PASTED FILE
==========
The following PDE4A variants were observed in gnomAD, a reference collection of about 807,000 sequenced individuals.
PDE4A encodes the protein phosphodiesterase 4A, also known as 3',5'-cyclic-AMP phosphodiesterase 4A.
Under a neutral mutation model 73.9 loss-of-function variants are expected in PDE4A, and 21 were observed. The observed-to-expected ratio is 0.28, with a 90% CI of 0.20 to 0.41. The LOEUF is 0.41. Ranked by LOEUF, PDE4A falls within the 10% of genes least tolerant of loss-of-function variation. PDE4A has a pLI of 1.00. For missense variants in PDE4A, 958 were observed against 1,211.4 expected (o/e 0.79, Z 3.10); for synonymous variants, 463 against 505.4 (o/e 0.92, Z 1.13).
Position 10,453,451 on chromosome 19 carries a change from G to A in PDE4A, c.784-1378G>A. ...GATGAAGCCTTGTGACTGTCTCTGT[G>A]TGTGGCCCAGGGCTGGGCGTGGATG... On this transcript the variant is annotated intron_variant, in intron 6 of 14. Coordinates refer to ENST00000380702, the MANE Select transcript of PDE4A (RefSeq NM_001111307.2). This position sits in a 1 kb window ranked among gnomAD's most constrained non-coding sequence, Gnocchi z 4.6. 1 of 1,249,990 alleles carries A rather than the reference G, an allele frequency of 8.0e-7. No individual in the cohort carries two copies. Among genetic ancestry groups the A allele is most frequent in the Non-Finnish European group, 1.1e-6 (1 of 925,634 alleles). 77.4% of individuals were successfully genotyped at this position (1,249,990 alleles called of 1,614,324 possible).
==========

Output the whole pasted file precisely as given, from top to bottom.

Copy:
The following PDE4A variants were observed in gnomAD, a reference collection of about 807,000 sequenced individuals.
PDE4A encodes the protein phosphodiesterase 4A, also known as 3',5'-cyclic-AMP phosphodiesterase 4A.
Under a neutral mutation model 73.9 loss-of-function variants are expected in PDE4A, and 21 were observed. The observed-to-expected ratio is 0.28, with a 90% CI of 0.20 to 0.41. The LOEUF is 0.41. Ranked by LOEUF, PDE4A falls within the 10% of genes least tolerant of loss-of-function variation. PDE4A has a pLI of 1.00. For missense variants in PDE4A, 958 were observed against 1,211.4 expected (o/e 0.79, Z 3.10); for synonymous variants, 463 against 505.4 (o/e 0.92, Z 1.13).
Position 10,453,451 on chromosome 19 carries a change from G to A in PDE4A, c.784-1378G>A. ...GATGAAGCCTTGTGACTGTCTCTGT[G>A]TGTGGCCCAGGGCTGGGCGTGGATG... On this transcript the variant is annotated intron_variant, in intron 6 of 14. Coordinates refer to ENST00000380702, the MANE Select transcript of PDE4A (RefSeq NM_001111307.2). This position sits in a 1 kb window ranked among gnomAD's most constrained non-coding sequence, Gnocchi z 4.6. 1 of 1,249,990 alleles carries A rather than the reference G, an allele frequency of 8.0e-7. No individual in the cohort carries two copies. Among genetic ancestry groups the A allele is most frequent in the Non-Finnish European group, 1.1e-6 (1 of 925,634 alleles). 77.4% of individuals were successfully genotyped at this position (1,249,990 alleles called of 1,614,324 possible).